Good code is cheap; it’s operational knowledge that’s holding back big data from solving the great problems of our time.
Solving those operational difficulties with a modular, easy-to-use system was the solution Mark Shuttleworth laid out in his keynote entitled “More Fun, Less Friction” at Apache Big Data in Vancouver in May.
“If we take the friction out, we can unleash all sorts of creativity,” Shuttleworth said.
Shuttleworth is the founder of Canonical and is known for his work on the Linux distribution Ubuntu, which was created for the purpose of making the open operating system as easy as possible to use.
Now Canonical is working on a system called Juju, which models applications and services together to be deployed on any cloud database system. Those models are called charms, and companies from IBM to Cloudera to Couchbase to any number of Apache projects are creating them to run on Canonical’s system.
During his keynote, Shuttleworth spent the first half of his talk — about 8 minutes — spinning up a containerized Linux server on a laptop, an Amazon Web Services server, and a physical server rack using Juju, demonstrating how each environment handled the application cluster with the exact same commands.
“We’re using a common modeling language to describe these different applications, and then essentially binding all of those to the underlying resources needed in each of those environments,” Shuttleworth said. “Why is this interesting? It’s interesting because free software is becoming expensive… Scarcity, what’s rare, is not the code anymore. What’s scarce is the knowledge on how to operate that code.”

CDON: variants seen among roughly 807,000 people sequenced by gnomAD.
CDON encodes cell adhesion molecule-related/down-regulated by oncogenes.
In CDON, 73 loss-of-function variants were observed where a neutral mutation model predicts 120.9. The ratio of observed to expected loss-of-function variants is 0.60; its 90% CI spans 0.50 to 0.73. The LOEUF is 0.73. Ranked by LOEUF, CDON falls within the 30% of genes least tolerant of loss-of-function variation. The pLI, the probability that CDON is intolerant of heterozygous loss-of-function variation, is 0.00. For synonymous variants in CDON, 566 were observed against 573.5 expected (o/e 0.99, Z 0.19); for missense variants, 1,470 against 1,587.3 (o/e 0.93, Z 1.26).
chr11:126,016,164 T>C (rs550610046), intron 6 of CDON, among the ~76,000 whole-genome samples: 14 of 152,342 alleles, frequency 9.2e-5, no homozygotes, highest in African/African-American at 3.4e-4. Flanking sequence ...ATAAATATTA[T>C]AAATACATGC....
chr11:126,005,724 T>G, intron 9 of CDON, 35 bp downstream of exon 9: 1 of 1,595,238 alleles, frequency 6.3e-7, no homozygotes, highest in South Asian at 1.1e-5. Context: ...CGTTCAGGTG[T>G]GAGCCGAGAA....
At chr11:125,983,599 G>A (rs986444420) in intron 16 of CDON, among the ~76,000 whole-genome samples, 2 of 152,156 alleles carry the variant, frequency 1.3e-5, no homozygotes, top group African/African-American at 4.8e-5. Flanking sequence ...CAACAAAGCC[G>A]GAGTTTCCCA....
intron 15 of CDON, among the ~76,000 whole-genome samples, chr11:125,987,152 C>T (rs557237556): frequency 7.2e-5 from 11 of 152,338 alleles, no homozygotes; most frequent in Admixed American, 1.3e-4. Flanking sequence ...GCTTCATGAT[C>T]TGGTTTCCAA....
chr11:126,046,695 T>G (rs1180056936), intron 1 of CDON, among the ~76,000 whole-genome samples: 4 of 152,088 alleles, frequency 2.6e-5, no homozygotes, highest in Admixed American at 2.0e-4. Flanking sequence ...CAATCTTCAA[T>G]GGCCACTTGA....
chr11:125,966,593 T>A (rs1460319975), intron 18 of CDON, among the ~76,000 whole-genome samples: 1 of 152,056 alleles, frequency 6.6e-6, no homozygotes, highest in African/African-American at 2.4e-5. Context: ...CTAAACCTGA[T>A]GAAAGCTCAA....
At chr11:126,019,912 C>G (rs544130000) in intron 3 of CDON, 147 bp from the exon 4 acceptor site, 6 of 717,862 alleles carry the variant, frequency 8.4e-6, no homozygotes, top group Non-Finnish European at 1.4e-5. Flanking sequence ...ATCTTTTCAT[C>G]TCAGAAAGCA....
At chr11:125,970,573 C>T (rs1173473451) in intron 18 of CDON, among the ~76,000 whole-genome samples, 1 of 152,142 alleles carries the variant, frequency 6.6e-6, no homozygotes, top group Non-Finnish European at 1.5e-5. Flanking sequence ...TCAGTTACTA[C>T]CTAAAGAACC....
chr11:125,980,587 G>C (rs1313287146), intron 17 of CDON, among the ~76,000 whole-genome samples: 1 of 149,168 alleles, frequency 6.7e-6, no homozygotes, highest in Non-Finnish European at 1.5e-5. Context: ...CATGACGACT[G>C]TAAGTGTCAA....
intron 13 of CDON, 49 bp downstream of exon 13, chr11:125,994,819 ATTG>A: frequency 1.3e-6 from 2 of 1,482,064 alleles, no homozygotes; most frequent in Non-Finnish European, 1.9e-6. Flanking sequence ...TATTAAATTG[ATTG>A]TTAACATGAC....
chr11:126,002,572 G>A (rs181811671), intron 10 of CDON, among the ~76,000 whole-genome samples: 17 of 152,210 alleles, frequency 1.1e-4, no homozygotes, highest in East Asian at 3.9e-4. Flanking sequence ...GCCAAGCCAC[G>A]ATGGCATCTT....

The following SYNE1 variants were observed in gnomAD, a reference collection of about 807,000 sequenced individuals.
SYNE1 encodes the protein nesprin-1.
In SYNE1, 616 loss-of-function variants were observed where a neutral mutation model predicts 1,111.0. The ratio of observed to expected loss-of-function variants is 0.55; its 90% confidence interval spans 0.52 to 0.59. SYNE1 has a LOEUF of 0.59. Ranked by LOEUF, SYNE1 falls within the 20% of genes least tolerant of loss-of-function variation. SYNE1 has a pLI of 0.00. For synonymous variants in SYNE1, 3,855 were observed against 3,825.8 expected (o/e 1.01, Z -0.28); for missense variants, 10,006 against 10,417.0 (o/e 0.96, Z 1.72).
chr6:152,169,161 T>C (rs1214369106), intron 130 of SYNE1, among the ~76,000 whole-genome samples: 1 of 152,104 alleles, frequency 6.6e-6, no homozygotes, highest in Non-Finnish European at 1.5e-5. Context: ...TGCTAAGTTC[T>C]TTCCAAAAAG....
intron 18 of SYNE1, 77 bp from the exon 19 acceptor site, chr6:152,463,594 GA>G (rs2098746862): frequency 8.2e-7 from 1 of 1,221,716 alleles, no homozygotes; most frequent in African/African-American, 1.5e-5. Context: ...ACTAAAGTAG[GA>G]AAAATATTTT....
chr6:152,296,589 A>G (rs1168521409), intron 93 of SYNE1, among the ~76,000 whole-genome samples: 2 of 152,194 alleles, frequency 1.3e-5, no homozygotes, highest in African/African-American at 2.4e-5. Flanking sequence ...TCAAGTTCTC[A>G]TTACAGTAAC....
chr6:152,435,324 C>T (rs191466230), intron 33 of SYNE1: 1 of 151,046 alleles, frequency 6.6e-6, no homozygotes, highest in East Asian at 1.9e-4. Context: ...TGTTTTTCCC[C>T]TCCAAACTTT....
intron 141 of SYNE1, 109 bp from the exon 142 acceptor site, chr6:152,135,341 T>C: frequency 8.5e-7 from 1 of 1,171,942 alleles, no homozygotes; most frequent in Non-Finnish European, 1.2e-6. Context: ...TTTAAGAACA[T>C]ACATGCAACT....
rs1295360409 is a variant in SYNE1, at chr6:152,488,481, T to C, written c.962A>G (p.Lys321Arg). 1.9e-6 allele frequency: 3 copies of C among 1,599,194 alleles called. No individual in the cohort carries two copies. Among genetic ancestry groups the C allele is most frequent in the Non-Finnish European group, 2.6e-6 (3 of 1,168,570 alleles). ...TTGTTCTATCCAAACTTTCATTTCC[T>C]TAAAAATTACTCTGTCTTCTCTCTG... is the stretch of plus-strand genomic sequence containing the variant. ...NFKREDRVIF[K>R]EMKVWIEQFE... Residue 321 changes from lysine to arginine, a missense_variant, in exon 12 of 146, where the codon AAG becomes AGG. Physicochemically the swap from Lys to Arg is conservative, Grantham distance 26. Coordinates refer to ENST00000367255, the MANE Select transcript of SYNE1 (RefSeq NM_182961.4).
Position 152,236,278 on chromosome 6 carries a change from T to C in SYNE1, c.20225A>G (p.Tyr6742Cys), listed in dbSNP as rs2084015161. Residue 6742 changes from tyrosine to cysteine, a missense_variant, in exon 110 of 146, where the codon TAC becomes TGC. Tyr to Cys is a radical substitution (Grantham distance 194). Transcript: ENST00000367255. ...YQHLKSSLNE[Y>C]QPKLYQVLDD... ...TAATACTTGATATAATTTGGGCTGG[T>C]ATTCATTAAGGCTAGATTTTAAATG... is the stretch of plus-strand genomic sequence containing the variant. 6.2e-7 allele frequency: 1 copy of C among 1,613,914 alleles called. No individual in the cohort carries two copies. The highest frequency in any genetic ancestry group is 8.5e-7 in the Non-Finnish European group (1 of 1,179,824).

By reducing the complexity of spinning up servers to run dozens of combinations of different types of big data technology, and then getting those systems to play nice with each other, Shuttleworth and Canonical are trying to enable people working on big data to focus effort on making money, doing groundbreaking research into things like AI, or just making cool stuff.
“There are 33 big data projects in Apache. How many people know how to operate all of those?” Shuttleworth said. “And the complexity of those architectures is growing. It’s not two apps across two machines, it’s many apps across many machines. And architecture today is really a discussion about how we map those things together.
“We call this a phase change … because all of these pieces of software … they all have that same line crossing — the software is becoming free, but the operation is becoming expensive.”
Reducing complexity means reducing expense, and that means increased adoption and — hopefully — increased results.
Watch the complete presentation below: